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Senators accuse GM of covering up defective switch

Wednesday - 4/2/2014, 3:40pm  ET

WASHINGTON (AP) -- Members of a Senate panel are accusing General Motors of trying to cover up problems with an ignition switch that is now tied to 13 deaths.

At a hearing today, senators tried to get GM CEO Mary Barra (BAHR'-uh) to promise that anyone involved in such a cover-up would be punished. They also said GM should tell owners to stop driving all of the 2.6 million cars that are now being recalled for the faulty switch until they are repaired. GM is currently telling owners that the cars are fine to drive, as long as nothing is placed on the key chain.

As she did yesterday at a House hearing, Barra said many of the details Congress is looking for will come out in an internal GM investigation. And she tried to assure lawmakers that the company is now focused on safety and the consumers.

But many senators were not convinced. Democrat Barbara Boxer told her, "You don't know anything about anything." She said, "If this is the new GM leadership, it's pretty lacking."

Some of the questioning from senators focused on GM's approval of a replacement for the ignition switch in 2006 without changing the part number. Failing to change the number makes the part harder to track. And anyone investigating the cars wouldn't know why earlier switches were failing at a higher rate than later ones.

Several members of the panel implied that it was done intentionally by someone within the company, and that it could be a criminal violation.

%@AP Links

164-a-03-(Senator Barbara Boxer, D-Calif., during Senate Commerce subcommittee hearing)-"it's pretty lacking"-Senator Barbara Boxer says she's not impressed with the way the company is handling things. (2 Apr 2014)

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162-a-12-(Senator Claire McCaskill, D-Mo., chairman, Senate Commerce subcommittee, during hearing)-"of public trust"-Senator Claire Mccaskill says the company's delay in announcing a recall after learning of the problem raises doubts about whether it has really turned over a new leaf. (2 Apr 2014)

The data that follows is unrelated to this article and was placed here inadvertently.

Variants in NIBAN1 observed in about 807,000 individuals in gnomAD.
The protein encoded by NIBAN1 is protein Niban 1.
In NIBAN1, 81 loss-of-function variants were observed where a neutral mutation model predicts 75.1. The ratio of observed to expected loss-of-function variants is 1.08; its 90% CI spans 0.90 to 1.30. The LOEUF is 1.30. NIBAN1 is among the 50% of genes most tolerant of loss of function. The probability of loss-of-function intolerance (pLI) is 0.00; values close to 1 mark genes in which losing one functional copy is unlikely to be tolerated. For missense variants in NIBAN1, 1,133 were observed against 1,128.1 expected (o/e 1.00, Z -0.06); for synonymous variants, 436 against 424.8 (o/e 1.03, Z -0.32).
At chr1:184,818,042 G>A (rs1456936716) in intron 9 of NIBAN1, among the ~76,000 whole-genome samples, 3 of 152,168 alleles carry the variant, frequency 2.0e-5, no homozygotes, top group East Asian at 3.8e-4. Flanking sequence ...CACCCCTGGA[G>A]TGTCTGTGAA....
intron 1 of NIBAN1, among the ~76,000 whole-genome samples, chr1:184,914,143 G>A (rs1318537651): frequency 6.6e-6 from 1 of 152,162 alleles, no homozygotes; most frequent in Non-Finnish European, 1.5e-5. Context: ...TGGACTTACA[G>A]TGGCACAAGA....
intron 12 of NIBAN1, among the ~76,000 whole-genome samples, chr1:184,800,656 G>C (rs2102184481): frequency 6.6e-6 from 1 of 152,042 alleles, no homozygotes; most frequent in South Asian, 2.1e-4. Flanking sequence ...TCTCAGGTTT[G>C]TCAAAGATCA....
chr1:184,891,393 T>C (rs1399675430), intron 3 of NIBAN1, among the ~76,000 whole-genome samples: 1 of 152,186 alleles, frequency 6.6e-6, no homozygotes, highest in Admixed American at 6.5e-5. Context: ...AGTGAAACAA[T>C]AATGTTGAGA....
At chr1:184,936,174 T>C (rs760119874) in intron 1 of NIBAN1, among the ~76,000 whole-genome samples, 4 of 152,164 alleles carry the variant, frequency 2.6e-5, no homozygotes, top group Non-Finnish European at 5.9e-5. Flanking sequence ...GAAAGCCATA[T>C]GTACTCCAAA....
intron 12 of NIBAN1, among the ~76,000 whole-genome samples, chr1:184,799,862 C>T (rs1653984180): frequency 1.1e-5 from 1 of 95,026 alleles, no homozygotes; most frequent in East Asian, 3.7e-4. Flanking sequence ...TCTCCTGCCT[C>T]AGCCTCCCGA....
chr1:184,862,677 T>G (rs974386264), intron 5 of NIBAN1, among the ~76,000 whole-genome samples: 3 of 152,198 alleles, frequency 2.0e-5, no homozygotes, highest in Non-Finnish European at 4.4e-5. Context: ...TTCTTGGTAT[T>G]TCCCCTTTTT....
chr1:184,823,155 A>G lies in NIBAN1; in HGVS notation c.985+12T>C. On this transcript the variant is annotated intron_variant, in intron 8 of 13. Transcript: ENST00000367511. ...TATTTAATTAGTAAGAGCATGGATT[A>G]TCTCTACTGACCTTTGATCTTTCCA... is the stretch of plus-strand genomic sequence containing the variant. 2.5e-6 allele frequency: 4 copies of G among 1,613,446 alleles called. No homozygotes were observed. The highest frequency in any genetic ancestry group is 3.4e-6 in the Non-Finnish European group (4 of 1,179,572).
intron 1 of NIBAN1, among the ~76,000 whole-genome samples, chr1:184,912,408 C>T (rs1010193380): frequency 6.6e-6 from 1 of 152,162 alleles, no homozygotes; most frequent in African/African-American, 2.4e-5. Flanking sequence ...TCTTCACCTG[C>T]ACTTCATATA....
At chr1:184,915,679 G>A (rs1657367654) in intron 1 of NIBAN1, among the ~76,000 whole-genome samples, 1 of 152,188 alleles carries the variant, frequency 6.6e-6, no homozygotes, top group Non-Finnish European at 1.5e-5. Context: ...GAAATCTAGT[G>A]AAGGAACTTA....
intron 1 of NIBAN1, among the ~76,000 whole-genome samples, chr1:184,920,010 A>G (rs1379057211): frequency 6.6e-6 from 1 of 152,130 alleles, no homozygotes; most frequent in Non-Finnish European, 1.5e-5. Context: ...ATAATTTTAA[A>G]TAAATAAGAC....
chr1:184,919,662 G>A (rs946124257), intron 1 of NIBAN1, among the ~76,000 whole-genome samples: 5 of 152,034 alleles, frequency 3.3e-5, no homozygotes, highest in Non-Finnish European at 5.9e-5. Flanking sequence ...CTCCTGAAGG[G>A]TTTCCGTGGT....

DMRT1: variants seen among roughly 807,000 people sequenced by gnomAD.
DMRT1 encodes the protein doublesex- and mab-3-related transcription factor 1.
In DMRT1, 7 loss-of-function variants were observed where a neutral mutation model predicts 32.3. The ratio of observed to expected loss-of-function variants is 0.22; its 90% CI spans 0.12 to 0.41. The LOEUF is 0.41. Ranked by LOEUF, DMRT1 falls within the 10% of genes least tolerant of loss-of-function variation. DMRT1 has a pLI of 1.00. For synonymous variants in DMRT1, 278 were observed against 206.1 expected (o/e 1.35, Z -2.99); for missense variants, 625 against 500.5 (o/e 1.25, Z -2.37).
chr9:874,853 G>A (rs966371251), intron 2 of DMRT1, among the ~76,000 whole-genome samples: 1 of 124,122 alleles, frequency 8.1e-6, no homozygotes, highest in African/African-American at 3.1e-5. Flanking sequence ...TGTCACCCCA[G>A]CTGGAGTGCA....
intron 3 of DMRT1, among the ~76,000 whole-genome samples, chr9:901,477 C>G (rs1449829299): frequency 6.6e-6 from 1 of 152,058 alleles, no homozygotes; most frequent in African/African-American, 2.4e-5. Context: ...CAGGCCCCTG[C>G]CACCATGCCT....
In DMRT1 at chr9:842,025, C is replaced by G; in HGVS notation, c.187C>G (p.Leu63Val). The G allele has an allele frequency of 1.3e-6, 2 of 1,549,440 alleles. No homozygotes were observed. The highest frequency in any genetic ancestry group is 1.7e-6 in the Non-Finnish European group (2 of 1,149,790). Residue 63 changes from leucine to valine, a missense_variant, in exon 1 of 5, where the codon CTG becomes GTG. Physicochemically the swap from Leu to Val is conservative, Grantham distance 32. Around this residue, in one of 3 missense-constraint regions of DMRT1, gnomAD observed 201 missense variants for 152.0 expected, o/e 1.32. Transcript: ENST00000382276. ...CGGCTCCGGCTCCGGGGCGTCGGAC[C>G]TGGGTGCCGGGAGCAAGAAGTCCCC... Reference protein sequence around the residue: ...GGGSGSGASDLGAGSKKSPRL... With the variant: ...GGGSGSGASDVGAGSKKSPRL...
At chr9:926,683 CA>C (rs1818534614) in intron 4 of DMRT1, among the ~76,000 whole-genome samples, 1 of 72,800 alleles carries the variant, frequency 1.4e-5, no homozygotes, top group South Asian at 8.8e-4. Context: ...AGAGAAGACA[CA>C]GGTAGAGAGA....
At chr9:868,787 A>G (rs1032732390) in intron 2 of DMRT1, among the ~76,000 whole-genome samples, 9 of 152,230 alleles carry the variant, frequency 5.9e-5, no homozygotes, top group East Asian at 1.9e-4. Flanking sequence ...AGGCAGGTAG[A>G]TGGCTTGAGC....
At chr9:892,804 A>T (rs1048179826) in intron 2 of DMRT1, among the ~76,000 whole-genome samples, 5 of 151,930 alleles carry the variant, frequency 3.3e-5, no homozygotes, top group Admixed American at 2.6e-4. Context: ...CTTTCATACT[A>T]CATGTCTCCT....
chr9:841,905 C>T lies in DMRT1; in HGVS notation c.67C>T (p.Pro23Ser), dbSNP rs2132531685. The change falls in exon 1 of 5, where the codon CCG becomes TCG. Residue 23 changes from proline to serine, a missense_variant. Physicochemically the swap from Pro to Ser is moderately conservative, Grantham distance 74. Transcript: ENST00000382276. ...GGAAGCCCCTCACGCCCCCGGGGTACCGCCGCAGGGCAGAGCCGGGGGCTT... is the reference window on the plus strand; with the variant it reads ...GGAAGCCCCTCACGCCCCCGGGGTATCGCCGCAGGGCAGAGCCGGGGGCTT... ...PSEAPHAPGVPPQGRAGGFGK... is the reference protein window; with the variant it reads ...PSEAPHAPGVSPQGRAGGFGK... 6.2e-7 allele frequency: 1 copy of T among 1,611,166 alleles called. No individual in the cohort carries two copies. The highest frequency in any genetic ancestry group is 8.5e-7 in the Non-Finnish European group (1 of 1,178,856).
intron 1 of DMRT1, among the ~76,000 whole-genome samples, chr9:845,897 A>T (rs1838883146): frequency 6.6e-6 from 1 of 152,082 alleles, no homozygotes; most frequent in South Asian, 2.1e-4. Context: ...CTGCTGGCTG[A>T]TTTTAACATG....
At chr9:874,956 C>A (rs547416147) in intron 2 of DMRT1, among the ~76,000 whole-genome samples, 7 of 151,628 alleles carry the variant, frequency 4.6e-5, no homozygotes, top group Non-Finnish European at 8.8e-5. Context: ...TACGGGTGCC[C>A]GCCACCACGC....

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165-a-10-(Mary Barra (BAHR'-uh), CEO, General Motors, testifying before Senate Commerce subcommittee)-"make a change"-GM CEO Mary Barra says the company was wrong not to give the replacement part a new number. (2 Apr 2014)

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GRAPHICSBANK: US Capitol building over General Motors logo, partial graphic (2 Apr 2014)

APPHOTO DCPM110: General Motors CEO Mary Barra listens as she testifies on Capitol Hill in Washington, Wednesday, April 2, 2014, before the Senate Commerce, Science and Transportation subcommittee. Barra is back before Congress, where members of a Senate subcommittee are expressing doubts that the culture at the nation's No. 1 automaker has really changed. (AP Photo/Pablo Martinez Monsivais) (2 Apr 2014)

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APPHOTO DCPM215: Senate Consumer Protection subcommittee Chair Sen. Claire McCaskill, D-Mo., holds up a document as she questions General Motors CEO Mary Barra on Capitol Hill in Washington, Wednesday, April 2, 2014, during the subcommittee's hearing on General Motors. McCaskill said the new GM, which emerged from bankruptcy in 2009, had ample time to recall cars equipped with a faulty ignition switch that is linked to at least 13 deaths. GM began recalling the cars this February. (AP Photo/Pablo Martinez Monsivais) (2 Apr 2014)

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